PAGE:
Birmingham has been challenging and developing great minds for more than a century. Characterised by a tradition of innovation, research at the University has broken new ground, pushed forward the boundaries of knowledge and made an impact on people’s lives. We continue this tradition today and have ambitions for a future that will embed our work and recognition of the Birmingham name on the international stage.
We continue this tradition today and have ambitions for a future that will embed our work and recognition of the Birmingham name on the international stage.
Universities are never complete. They develop as new challenges and opportunities occur. At Birmingham we innovate, we push the frontiers of understanding; we ask new research questions, we turn theory through experiment into practice – because that’s what great universities do.
The University grew out of the radical vision of our first Chancellor, Joseph Chamberlain. Founded in 1900, Birmingham represented a new model for higher education. This was England’s first civic university, where students from all religions and backgrounds were accepted on an equal basis.
Birmingham has continued to be a university unafraid to do things a little differently, and in response to the challenges of the day. It was a founder member of the National Union of Students and the first university in the country to:
The University of Birmingham was established by Queen Victoria by Royal Charter in 1900 and was the UK’s first civic or 'redbrick' university. The first phase of building work on the campus was completed in 1909 under the auspices of the esteemed architect Sir Aston Webb. We celebrated the centenary of those buildings in July 2009.
Our colleges put academic endeavour at the heart of our decision making and our professional services, located both in Corporate Services and in the Colleges, work in partnership with academics to support the academic mission of the University.
Professional Services deliver excellent and diverse services to University students, staff and visitors; contribute to the development and implementation of University policy and strategy; and provide professional support for decision-making.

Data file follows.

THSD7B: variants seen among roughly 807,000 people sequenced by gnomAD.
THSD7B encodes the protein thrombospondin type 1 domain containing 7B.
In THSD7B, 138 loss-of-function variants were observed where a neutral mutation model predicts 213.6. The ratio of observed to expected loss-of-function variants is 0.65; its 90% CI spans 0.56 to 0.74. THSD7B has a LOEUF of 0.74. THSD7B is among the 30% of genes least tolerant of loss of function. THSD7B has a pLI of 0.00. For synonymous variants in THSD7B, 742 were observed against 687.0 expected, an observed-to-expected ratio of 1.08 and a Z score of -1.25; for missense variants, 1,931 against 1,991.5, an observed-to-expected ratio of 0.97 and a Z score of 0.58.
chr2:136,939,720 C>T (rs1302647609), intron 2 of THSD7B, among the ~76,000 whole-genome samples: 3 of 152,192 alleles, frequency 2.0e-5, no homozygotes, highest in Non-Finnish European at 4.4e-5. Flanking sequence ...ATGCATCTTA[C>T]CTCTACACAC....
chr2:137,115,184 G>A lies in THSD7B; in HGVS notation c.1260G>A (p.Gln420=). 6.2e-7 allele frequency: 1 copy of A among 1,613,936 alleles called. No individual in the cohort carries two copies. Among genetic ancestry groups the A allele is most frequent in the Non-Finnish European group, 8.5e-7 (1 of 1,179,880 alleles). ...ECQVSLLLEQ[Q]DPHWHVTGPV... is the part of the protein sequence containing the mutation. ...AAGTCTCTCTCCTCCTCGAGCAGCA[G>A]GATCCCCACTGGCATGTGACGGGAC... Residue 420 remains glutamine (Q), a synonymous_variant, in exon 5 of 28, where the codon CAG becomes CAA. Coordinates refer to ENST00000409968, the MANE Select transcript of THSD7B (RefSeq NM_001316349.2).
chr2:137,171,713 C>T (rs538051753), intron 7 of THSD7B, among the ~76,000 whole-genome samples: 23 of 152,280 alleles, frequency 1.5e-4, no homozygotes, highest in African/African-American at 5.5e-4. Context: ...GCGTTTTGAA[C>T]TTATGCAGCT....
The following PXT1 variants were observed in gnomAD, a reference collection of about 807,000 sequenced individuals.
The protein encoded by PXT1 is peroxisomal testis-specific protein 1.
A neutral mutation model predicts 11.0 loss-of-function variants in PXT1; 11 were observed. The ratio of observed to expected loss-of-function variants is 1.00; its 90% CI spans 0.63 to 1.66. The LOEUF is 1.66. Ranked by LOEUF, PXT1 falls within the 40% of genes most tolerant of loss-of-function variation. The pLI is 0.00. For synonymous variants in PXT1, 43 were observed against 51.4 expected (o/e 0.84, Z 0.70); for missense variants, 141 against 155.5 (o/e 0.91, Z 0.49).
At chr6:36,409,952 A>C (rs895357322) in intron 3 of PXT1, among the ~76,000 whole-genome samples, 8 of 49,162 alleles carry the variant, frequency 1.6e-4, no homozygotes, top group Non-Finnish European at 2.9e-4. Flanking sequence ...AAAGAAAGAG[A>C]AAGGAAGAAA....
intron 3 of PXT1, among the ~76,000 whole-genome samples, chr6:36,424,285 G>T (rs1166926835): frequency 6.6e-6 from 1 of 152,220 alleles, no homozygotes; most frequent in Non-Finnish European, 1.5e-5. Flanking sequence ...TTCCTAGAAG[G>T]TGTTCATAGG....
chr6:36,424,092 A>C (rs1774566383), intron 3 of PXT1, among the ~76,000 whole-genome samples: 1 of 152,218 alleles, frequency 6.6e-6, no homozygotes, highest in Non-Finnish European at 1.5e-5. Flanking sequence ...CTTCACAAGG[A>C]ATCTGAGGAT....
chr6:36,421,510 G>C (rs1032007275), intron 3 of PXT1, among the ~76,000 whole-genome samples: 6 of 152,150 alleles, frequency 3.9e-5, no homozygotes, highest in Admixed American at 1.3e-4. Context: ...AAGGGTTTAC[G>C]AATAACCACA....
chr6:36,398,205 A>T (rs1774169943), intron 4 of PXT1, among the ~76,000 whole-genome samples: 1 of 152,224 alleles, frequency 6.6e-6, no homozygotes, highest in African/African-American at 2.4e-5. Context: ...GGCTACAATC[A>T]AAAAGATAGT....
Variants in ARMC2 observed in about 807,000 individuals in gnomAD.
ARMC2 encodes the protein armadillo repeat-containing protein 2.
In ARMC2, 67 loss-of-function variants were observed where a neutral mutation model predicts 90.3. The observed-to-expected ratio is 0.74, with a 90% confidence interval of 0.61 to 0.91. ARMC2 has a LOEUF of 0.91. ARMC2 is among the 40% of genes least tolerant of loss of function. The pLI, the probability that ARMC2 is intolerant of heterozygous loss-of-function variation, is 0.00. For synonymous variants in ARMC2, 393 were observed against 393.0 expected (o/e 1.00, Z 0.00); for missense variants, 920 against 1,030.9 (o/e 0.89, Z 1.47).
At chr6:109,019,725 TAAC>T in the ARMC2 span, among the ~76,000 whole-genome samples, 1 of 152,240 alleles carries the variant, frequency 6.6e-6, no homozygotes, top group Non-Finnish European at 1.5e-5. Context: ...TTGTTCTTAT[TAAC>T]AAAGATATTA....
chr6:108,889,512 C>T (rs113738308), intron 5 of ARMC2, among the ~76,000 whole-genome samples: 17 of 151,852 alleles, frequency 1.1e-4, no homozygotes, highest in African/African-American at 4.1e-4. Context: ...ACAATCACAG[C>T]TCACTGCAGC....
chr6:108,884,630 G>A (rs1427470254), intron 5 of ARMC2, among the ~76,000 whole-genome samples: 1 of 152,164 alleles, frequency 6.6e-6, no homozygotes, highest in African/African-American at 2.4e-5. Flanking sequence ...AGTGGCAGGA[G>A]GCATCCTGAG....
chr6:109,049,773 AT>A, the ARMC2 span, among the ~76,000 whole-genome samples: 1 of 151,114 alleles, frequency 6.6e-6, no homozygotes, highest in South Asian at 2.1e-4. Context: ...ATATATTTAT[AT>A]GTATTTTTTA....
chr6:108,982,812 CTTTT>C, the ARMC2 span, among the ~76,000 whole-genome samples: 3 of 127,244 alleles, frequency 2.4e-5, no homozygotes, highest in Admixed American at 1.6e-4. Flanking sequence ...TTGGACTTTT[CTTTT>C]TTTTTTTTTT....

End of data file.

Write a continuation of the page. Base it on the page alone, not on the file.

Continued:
Each college is led by a Head of College who also acts as a Pro-Vice Chancellor and sits on the University Executive Board.
The collaborative nature of the college structure means that there are fewer administrative boundaries between disciplines and working relationships between diverse areas of research have been strengthened.
The University of Birmingham is structured into five colleges, each of which is divided into a number of schools and departments.
The five colleges are –
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For over 100 years, innovative academic research at the University has influenced society and made an impact on people’s lives. Birmingham is where pacemakers and plastic heart valves were developed, where the first artificial vitamin (Vitamin C) was synthesised, and where the cavity magnetron was developed, leading to applications such as radar and the microwave oven.
In addition, allergy vaccines were pioneered, the key components of artificial blood were synthesised, and the first clinical trials of the contraceptive pill outside the USA were carried out, having a fundamental impact on the quality of life for women worldwide.
Today, the University continues to build on this pioneering heritage. We are still at the forefront of research, leading the field in many of the emerging disciplines of the 21st century, such as nanotechnology, gene therapy, robotics and the use of virtual reality in the study of archaeology. We are continually developing new initiatives to enrich our teaching and learning.